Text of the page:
A common denominator in Gothic music revolves around the fact that both its producers, composers, distributors, and fans regard it as being of a “dark” (Van Elferen, 14) context-signifying that the domain revolves around a relatively terrifying subject matter that not only appears as frightening but also threatening in some way. Taking cognizance of a similar observation is Carpenter (12) who contends that the evocation of sound and music within the parlance of Gothic culture usually serves a variety of objectives such as accompanying the distortion of time besides giving audibility to the Gothic Ghosts. That seemingly contrasts with African American Gospel music, which is seemingly tied to a perceived Supreme Being invisible to humankind but who deserves to be worshipped as well as obeyed as per the biblical teachings of “the Word” of God. That is why Dorsey’s (2013 n.p) lyrics, which capture the essence of the former plight of African Americans as a people redeemed by God contrast with those in the Dracula by Stocker (2010 n.p), which project an affinity towards Ghosts and the feared world of mystery as is thought of the proverbial “Dracula”. In that essence, the two Genres-Gothic eras musical genre on the one hand and the African American gospel musical genre on the other, which comes out as being relatively older when juxtaposed to the former come out as two contrasting genres of music. However, the most illustrious aspect of their distinctiveness is the fact that their themes contrast with each other. While Gothic musical genres capture a world ridden with ghosts, African American musical genres appear to be revolving around a religious and more precisely on the power of a perceived All-Knowing and all-powerful God.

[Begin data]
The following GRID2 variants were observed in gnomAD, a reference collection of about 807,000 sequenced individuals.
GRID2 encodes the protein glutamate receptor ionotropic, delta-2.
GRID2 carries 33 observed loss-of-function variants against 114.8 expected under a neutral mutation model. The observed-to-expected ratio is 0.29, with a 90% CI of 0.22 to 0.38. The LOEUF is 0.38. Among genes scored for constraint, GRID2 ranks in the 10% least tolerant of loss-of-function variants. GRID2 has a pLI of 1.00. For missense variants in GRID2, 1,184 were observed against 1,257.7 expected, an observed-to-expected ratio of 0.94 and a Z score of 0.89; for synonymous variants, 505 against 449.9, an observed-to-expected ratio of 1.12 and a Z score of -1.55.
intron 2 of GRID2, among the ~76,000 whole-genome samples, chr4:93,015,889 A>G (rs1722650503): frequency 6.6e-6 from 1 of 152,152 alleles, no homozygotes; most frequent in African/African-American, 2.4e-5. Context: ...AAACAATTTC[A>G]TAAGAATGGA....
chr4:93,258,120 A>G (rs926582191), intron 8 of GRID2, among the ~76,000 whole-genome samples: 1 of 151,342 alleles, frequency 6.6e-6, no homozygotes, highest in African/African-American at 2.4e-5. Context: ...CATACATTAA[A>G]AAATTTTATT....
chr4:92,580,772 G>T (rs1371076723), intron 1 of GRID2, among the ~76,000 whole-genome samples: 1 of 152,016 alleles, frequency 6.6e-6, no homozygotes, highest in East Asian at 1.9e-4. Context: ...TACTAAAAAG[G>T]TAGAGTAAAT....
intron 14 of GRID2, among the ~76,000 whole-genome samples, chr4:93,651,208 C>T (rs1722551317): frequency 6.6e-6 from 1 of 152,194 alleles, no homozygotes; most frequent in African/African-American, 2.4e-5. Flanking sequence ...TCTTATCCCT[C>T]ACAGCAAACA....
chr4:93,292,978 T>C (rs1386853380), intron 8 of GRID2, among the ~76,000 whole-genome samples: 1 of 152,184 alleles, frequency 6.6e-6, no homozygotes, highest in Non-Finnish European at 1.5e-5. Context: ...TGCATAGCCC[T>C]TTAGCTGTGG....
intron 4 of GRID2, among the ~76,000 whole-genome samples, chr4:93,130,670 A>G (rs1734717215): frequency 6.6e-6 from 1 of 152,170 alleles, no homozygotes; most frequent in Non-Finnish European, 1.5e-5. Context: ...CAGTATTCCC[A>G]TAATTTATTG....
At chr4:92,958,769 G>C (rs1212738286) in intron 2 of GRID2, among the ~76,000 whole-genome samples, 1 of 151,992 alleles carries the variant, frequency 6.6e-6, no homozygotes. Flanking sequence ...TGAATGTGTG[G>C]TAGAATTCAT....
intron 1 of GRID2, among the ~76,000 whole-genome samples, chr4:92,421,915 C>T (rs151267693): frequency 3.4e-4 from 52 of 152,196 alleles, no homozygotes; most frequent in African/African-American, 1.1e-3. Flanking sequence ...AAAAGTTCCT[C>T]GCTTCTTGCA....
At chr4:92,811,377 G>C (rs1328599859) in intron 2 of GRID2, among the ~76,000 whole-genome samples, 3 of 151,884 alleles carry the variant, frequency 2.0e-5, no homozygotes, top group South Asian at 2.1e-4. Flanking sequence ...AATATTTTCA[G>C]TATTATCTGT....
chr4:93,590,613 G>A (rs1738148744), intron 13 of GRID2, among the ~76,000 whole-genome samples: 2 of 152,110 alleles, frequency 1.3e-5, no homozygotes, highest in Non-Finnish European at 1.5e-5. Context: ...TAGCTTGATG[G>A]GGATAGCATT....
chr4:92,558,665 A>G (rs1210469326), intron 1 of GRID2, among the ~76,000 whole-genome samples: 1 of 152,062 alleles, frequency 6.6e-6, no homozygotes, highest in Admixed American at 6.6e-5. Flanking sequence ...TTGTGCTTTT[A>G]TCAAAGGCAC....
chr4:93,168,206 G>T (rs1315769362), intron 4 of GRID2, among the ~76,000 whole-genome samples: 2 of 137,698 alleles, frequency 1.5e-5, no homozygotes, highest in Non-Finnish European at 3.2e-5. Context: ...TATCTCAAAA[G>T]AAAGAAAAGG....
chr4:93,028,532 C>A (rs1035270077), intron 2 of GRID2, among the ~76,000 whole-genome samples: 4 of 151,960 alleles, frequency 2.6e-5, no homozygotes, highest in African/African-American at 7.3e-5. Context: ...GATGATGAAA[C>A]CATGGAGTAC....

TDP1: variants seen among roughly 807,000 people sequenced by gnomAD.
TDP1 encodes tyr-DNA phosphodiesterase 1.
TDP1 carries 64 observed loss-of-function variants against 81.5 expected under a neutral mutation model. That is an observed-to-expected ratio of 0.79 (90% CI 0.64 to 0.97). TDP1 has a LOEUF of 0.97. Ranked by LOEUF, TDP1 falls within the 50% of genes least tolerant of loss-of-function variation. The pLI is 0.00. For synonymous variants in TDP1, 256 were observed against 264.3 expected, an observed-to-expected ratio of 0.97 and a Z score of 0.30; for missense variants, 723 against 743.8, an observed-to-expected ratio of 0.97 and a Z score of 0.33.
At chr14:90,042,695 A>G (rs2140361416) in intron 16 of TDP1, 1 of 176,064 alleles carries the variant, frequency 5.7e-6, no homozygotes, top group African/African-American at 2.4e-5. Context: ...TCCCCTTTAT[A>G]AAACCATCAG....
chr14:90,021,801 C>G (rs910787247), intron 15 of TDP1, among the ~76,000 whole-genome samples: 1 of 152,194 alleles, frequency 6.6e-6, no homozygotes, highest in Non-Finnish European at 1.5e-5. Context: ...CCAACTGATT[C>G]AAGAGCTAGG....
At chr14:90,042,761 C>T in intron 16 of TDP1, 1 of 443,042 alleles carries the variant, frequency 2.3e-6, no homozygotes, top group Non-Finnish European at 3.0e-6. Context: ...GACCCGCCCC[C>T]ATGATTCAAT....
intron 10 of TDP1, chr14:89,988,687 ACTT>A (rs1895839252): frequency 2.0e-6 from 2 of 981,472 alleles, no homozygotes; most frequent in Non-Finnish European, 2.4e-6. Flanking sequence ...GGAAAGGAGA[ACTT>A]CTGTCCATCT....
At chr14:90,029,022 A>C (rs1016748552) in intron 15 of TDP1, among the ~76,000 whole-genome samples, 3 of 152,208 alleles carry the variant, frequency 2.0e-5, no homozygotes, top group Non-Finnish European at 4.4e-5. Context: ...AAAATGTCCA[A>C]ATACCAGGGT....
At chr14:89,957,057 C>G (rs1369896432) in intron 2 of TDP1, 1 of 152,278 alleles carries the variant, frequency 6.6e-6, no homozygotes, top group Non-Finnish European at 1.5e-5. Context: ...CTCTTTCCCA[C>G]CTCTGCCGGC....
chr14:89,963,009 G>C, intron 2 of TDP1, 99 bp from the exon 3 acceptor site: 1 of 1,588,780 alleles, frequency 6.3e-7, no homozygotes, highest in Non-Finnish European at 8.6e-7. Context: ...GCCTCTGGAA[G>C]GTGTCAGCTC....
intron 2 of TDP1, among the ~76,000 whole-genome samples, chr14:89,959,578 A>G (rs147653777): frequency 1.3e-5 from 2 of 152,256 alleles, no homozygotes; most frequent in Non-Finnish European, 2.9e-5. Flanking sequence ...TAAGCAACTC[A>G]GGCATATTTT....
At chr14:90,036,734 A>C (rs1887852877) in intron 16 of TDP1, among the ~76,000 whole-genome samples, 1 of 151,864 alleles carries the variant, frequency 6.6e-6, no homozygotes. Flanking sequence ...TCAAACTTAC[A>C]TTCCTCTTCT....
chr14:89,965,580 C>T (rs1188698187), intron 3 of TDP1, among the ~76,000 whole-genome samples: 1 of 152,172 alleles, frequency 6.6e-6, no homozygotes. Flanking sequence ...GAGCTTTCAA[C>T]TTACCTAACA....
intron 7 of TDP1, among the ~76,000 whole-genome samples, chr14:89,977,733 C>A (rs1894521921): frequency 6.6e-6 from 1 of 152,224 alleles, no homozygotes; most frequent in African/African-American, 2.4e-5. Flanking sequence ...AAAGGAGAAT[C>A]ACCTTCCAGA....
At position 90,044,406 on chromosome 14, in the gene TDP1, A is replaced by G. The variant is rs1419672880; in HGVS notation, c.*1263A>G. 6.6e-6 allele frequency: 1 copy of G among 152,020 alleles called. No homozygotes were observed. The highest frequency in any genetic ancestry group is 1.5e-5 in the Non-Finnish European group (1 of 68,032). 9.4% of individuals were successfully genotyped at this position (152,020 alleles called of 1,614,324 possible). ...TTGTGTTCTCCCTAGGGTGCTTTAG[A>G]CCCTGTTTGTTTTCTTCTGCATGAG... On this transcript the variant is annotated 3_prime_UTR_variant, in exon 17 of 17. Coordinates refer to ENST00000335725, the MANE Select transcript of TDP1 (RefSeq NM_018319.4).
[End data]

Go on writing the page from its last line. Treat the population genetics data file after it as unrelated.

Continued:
Narrowing down to the lyrical aspects of African American musical genre music by Dorsey as evinced in his song– “The Lord will make a Way,” and Stocker’s Gothic musical genre christened, “Dracula,” it becomes manifest that further contrasts manifest albeit with compendious differences if such exist. In that respect, it is worth observing that Dorsey’s lyrics connote the use of more-relatively easy-to-comprehend and follow tessitura as well as the use of pentatonic scale for even an average worshipper to follow through as compared to the lyrical aspects manifest in Stocker’s song-Dracula.

Another critical aspect of Dorsey’s musical composition is the fact that his lyrical composition’s content reveals assimilated aspects of not only a textual and rhythmic nature but also of a harmonic orientation that is as well melodic

Works Cited

Bram, Stoker. “Dracula (Love Song for A Vampire).” YouTube, Uploaded by Jeeves and Glory, 11 November 2010,

Carpenter, Alexander . Reviewed Work(s): Gothic Music: The Sounds of the Uncanny by Isabella van Elferen. New York: Music Library Association, 2014.

Legg, Andrew John. The Trans-culturalization of African American Gospel Music: The Context and Culture of Gospel Traditions in Australian Gospel Music. Hobart: University of Tasmania, 2017.

Thomas, Dorsey, A. and Marion, Williams. “The Lord Will Make A Way Somehow.” YouTube, uploaded by Pannellctp Traditional Gospel Music, 7 Jan 2013,

Van Elferen, Isabella. Gothic music: The sounds of the uncanny. University of Wales Press, 2012.